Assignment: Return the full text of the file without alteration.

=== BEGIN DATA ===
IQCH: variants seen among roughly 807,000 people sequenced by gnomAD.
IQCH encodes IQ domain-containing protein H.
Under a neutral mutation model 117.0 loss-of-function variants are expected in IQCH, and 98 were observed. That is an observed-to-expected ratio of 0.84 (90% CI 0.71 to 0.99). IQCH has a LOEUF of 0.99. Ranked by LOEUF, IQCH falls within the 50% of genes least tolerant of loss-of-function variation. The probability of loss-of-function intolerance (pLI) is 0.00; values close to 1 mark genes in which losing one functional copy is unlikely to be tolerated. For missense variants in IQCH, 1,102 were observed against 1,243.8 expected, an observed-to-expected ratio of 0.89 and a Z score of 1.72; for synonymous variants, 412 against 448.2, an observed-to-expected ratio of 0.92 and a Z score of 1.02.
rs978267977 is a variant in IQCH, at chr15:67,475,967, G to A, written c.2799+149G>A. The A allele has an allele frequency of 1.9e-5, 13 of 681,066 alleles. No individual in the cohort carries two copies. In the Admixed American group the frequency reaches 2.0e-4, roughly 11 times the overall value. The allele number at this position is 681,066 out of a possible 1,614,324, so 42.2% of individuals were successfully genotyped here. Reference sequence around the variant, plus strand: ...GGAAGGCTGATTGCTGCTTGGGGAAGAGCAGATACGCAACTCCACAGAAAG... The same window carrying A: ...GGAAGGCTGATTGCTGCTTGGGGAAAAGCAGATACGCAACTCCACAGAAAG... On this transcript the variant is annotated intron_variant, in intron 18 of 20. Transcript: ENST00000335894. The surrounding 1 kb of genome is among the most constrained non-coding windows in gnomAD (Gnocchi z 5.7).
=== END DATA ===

IQCH: variants seen among roughly 807,000 people sequenced by gnomAD.
IQCH encodes IQ domain-containing protein H.
Under a neutral mutation model 117.0 loss-of-function variants are expected in IQCH, and 98 were observed. That is an observed-to-expected ratio of 0.84 (90% CI 0.71 to 0.99). IQCH has a LOEUF of 0.99. Ranked by LOEUF, IQCH falls within the 50% of genes least tolerant of loss-of-function variation. The probability of loss-of-function intolerance (pLI) is 0.00; values close to 1 mark genes in which losing one functional copy is unlikely to be tolerated. For missense variants in IQCH, 1,102 were observed against 1,243.8 expected, an observed-to-expected ratio of 0.89 and a Z score of 1.72; for synonymous variants, 412 against 448.2, an observed-to-expected ratio of 0.92 and a Z score of 1.02.
rs978267977 is a variant in IQCH, at chr15:67,475,967, G to A, written c.2799+149G>A. The A allele has an allele frequency of 1.9e-5, 13 of 681,066 alleles. No individual in the cohort carries two copies. In the Admixed American group the frequency reaches 2.0e-4, roughly 11 times the overall value. The allele number at this position is 681,066 out of a possible 1,614,324, so 42.2% of individuals were successfully genotyped here. Reference sequence around the variant, plus strand: ...GGAAGGCTGATTGCTGCTTGGGGAAGAGCAGATACGCAACTCCACAGAAAG... The same window carrying A: ...GGAAGGCTGATTGCTGCTTGGGGAAAAGCAGATACGCAACTCCACAGAAAG... On this transcript the variant is annotated intron_variant, in intron 18 of 20. Transcript: ENST00000335894. The surrounding 1 kb of genome is among the most constrained non-coding windows in gnomAD (Gnocchi z 5.7).